Traveling through the West, it is the beauty, desolation, and vastness that inspire me most. The sky and geography of Utah and Idaho collude to create soaring, lasting impressions. They seduce me, whispering ancient tales and promising a blur of stories of high plains, dusty buttes, painted plateaus, river rapids, and arid summer days.
There you stood, rare and bright. Defying the odds. Shining in a field far away. Flourishing in a wide open world. Sparkling in the foreground of my dreams.
I still see you, sunny and true. Unfolding under the sky. Craning for a mountain view. Growing taller everyday. Promising petals on a path I might have missed.
Written by Mark Johnson, September 6, 2019
For a few minutes last Sunday, I was up on the roof. No, I wasn’t cleaning the debris out of my gutters. My husband Tom and I, along with John and Sharon (two lifelong friends visiting from St. Louis), were on a two-day, Flagstaff sightseeing mission, seeking northern Arizona’s coolest and highest spots.
On a rare, seventy-degree-and-mostly-sunny afternoon, we boarded the Agassiz Chairlift (elevation 9,500 feet in the San Francisco Peaks) and rode above the tall pines another 2,000 feet to the top of the Arizona Snowbowl ski resort.
Of course, this excursion was just for summer thrills. There wasn’t any of the frozen white stuff in late July. In fact, if there had been snow, I would have been far away for two reasons:
#1 … Unlike our friends from St. Louis who learned to ski when they lived in Europe, I’m not a snow bunny. Though Tom and I are in good shape for guys in their sixties, neither of us has skied much. On a personal note, I don’t care to risk broken bones on slippery slopes. I’m not interested in more pain or tempting fate. I figure it’ll arrive soon enough without me paving the way for a new and expensive relationship with an orthopedic surgeon. Besides, I already have a cardiologist and wouldn’t want him to get jealous.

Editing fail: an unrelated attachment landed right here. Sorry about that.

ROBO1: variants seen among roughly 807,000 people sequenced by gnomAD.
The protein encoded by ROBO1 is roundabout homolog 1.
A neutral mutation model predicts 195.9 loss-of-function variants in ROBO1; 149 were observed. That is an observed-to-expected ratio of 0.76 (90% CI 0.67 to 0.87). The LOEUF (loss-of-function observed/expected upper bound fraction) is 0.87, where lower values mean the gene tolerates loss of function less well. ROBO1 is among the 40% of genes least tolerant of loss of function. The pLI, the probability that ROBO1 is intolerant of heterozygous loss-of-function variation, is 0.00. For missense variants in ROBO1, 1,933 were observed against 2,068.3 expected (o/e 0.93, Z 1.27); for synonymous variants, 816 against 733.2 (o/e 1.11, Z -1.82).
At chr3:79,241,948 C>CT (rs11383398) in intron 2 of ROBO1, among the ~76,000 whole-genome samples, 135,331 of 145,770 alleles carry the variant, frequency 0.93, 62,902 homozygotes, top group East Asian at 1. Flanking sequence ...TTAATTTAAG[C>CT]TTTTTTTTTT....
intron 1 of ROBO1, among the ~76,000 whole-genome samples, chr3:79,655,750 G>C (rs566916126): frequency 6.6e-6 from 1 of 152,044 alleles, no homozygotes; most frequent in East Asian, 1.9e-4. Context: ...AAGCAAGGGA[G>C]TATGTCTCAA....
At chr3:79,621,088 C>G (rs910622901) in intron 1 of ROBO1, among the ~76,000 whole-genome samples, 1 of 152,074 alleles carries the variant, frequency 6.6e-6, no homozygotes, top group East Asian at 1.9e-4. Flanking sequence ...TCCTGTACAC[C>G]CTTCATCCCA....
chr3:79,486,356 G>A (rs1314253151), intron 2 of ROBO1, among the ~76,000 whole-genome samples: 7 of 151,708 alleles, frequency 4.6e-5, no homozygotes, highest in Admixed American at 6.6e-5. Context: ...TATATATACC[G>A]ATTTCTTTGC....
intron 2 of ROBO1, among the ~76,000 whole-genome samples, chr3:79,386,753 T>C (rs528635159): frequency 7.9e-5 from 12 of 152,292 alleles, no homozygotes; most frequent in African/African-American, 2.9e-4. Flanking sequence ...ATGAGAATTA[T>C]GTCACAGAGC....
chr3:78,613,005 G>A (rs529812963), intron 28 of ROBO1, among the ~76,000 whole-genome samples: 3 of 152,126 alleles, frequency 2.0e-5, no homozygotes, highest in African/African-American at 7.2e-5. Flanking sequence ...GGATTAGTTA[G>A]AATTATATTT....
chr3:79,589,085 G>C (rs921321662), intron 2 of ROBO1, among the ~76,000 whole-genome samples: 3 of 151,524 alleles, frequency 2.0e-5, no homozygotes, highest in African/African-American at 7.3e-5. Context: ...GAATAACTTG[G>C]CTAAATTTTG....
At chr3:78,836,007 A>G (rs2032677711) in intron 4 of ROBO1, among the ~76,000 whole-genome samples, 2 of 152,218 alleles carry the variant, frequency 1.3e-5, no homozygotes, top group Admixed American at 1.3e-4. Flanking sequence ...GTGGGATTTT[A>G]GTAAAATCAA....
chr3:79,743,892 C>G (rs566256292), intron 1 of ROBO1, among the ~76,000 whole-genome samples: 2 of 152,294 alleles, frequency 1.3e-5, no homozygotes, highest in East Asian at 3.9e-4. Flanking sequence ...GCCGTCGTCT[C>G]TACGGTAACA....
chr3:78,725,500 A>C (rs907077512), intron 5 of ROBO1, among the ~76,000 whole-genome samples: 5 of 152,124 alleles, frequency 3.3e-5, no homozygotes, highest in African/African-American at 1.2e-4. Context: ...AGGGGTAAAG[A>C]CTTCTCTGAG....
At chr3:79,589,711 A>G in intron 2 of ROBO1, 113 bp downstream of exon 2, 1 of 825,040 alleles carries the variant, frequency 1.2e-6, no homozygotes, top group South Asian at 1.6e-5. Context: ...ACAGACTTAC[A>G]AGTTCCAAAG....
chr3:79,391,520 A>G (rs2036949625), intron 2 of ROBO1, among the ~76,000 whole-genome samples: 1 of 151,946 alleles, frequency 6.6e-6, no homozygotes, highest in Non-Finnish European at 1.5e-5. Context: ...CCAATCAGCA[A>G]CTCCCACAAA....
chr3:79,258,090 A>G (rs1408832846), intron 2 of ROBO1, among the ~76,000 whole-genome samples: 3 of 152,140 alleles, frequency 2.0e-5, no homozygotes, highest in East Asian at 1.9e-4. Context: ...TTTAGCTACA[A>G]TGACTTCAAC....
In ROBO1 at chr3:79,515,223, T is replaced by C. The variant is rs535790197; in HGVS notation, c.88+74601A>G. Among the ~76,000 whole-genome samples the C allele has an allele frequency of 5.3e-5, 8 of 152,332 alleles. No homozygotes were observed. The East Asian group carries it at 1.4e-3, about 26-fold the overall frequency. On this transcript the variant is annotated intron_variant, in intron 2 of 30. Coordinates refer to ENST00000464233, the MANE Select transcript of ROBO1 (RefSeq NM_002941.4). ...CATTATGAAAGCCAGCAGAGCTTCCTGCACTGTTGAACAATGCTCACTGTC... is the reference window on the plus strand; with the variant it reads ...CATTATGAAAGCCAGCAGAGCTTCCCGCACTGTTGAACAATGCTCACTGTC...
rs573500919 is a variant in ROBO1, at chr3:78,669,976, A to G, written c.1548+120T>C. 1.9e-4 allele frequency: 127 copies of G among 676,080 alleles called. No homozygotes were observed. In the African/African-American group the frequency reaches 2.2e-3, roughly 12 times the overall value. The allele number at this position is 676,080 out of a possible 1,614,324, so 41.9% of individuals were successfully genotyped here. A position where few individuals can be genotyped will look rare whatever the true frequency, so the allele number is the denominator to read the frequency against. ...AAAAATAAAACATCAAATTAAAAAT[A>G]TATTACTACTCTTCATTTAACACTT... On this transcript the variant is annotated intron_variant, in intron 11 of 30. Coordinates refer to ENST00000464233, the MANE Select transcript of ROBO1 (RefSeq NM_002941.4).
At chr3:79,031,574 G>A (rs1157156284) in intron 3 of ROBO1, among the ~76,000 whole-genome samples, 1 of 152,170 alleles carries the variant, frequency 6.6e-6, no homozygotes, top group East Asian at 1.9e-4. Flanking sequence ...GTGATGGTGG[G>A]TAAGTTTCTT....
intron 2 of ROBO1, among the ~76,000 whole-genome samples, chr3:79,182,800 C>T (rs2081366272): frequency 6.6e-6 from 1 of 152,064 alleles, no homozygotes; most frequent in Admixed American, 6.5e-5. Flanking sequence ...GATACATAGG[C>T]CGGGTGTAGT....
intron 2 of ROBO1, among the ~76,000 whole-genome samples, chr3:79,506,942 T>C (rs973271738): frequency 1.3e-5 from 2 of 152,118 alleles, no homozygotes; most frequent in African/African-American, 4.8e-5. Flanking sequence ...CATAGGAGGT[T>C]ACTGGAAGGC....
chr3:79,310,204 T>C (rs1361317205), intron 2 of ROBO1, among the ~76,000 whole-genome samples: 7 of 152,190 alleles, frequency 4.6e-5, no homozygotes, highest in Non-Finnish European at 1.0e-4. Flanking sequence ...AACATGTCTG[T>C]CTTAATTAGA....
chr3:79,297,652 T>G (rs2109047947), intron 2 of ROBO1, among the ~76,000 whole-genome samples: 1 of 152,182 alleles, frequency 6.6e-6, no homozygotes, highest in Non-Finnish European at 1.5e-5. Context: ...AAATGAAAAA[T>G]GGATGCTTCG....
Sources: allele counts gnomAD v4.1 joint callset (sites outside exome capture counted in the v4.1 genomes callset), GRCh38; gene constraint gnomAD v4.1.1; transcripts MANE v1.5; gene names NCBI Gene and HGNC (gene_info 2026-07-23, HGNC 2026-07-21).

#2 … I’ve endured enough cold and snowy Chicago days and nights to last a lifetime. To be precise, thirty-seven winters back in the relative flatness of northeastern Illinois. Think sub-zero temperatures and howling winds in December and January and repeated rounds of snow-blowing to clear your western-exposed driveway in February and you’ll have the right mental image.
In all seriousness, Tom and I enjoyed getting reacquainted with John and Sharon. It had been nearly five years since we’d seen them. And, naturally, both the chairlift ride and the mountain scenery in our home state were breathtaking.
Hmmm … now that I think about it, perhaps our Rocky Mountain experience and my choice of adjectives have more to do with the thinner air I felt pumping in and out of my lungs at a high altitude than the actual view.
Either way, you can be sure I followed the rules on this sign. I did no running on Sunday. Just some light walking and a little heavy breathing until it was time for us to board the chairlift for the return trip, descend the mountainside, and climb down from Arizona’s magnificent and majestic roof.